5.8 Reaction Mechanism and Rate Law

7 min readjanuary 17, 2023

Dylan Black

Dylan Black

Dalia Savy

Dalia Savy

AP Chemistry 🧪

269 resources
See Units

Before we start learning about how to use mechanisms to find something out about the rate of a reaction, let's do a quick refresher on what exactly a mechanism is. A mechanism describes the steps of a reaction as it takes place from reactants to products. It's important to note that mechanisms tell us exactly what happens in a reaction, as the vast majority of reactions happen in many steps.

Review of Mechanisms

When you see a reaction A → B, there are typically multiple steps that lead to A yielding B. This could mean A reacting with an intermediate, or the reaction being catalyzed. Either way, each step is known as an elementary steps, and when you add all of the elementary steps of a mechanism together, you will get the overall balanced chemical equation.

Elementary Steps

Let's take a look at an example mechanism and break it down:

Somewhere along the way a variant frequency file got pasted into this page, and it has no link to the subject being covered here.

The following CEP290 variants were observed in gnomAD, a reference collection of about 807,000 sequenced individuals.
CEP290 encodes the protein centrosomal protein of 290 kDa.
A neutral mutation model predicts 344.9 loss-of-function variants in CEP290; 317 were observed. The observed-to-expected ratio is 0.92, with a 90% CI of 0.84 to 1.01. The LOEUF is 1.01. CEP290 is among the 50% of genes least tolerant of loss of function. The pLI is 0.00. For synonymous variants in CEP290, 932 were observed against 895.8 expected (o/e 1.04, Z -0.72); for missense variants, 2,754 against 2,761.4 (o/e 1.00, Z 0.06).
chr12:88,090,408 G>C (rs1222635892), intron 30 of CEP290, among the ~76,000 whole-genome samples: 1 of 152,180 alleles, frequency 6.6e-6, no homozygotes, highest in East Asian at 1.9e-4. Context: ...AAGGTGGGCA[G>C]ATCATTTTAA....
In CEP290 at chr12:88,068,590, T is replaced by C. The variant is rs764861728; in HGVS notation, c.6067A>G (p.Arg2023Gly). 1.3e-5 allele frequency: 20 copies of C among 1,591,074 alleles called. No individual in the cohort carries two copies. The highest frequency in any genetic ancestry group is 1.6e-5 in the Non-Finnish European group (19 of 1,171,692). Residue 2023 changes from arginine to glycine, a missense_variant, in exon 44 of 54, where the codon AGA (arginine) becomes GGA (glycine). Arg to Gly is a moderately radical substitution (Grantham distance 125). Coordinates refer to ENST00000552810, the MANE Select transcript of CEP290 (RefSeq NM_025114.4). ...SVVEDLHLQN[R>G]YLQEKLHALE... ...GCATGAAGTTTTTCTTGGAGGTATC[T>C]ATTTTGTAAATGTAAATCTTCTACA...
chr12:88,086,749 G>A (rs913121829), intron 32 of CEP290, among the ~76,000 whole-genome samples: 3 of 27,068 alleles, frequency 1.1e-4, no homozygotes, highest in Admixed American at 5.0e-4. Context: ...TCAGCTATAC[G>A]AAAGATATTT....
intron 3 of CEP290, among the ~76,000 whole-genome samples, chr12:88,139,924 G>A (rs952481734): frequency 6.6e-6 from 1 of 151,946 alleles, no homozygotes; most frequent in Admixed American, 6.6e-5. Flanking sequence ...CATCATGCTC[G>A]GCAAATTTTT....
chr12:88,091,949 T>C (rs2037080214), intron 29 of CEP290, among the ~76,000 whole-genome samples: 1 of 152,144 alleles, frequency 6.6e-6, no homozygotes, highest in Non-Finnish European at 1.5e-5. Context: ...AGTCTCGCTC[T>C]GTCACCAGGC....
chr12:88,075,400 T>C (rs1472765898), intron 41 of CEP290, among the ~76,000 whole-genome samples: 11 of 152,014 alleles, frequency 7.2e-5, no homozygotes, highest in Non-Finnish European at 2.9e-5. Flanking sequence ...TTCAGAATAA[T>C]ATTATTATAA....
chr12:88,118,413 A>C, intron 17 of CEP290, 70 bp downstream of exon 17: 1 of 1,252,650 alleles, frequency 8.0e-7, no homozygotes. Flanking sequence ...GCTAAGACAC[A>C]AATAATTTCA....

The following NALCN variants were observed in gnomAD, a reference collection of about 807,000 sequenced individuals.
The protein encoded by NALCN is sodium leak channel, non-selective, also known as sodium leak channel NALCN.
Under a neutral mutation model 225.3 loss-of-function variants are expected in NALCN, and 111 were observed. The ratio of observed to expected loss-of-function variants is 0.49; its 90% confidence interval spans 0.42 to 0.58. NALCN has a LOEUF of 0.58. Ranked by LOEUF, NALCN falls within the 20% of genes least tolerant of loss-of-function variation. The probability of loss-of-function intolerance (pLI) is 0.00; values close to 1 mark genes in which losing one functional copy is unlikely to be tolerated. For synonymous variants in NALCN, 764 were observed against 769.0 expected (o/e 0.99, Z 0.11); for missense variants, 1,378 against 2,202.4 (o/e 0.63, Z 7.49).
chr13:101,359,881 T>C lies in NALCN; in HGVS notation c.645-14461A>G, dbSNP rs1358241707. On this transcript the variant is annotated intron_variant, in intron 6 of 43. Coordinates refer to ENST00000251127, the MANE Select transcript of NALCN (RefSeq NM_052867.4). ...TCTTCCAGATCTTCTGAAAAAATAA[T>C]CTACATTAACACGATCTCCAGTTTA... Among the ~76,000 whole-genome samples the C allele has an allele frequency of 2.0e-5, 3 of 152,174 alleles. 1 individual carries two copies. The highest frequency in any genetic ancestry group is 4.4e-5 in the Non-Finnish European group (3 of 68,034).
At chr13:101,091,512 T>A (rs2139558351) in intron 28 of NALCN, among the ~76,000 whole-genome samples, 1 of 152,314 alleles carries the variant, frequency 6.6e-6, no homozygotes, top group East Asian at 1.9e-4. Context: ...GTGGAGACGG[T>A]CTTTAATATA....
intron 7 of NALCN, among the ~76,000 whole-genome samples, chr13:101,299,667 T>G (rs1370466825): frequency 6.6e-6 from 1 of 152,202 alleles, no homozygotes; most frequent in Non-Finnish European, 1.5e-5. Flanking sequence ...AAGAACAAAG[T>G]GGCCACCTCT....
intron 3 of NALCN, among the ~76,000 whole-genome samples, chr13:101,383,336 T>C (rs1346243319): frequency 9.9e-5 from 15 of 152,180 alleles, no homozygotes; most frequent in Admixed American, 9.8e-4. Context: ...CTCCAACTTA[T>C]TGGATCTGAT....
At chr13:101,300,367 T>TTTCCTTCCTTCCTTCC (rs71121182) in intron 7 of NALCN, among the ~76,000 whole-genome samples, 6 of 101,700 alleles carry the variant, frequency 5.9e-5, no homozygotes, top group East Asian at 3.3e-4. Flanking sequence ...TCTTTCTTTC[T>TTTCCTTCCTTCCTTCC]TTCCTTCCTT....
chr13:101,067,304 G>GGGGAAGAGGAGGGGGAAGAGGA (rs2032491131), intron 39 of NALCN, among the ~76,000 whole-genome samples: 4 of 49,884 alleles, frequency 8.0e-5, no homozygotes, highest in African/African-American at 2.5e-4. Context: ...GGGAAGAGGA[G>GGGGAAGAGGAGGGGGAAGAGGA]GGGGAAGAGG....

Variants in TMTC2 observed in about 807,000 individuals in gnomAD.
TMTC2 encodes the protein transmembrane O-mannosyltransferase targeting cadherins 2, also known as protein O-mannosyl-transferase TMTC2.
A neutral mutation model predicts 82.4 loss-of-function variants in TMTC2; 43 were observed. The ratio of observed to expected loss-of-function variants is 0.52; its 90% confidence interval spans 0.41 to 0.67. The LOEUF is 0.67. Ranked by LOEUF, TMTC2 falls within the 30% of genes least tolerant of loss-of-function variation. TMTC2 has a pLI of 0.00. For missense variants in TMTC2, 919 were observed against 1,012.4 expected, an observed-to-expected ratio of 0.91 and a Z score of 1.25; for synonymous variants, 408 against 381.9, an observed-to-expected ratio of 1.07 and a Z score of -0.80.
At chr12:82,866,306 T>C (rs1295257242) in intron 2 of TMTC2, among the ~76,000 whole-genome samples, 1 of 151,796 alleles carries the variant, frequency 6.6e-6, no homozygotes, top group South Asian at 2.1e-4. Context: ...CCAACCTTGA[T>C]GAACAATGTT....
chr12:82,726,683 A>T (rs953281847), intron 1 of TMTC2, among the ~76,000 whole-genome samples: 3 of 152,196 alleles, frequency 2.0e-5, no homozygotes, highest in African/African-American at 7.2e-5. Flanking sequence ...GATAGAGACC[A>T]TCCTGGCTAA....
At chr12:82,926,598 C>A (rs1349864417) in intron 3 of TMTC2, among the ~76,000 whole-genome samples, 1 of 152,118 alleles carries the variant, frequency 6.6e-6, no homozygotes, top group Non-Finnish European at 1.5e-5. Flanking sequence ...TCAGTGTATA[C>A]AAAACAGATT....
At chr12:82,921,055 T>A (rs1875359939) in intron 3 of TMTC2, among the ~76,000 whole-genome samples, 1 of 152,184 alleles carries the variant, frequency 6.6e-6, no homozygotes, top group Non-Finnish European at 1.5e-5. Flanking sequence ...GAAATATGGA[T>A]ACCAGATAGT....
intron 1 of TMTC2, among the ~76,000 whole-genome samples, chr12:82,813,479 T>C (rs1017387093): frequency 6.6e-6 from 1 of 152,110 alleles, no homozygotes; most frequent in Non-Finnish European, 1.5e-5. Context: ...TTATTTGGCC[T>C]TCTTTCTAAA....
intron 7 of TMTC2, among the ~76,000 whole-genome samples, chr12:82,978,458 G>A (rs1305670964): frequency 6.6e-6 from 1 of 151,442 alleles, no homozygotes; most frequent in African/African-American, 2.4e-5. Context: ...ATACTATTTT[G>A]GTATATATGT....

This is the mechanism for the reaction: O₃ + 2I⁻ + H₂O → O₂ + I₂ + 2OH⁻. How did we find that out? Well, if you add up all of the steps of a mechanism, it must and always will add up to the overall reaction.
In this mechanism, there are three elementary steps:
  1. In the first step, ozone and iodide slowly react to form molecular oxygen and iodite ions.
  2. In the second step, the formed iodite ions react with water molecules to form hypoiodous acid and hydroxide ions.
  3. In the last step, the formed hypoiodous acid from the previous elementary step reacts with iodide to form molecular iodine and more hydroxide ions.

Catalysts and Intermediates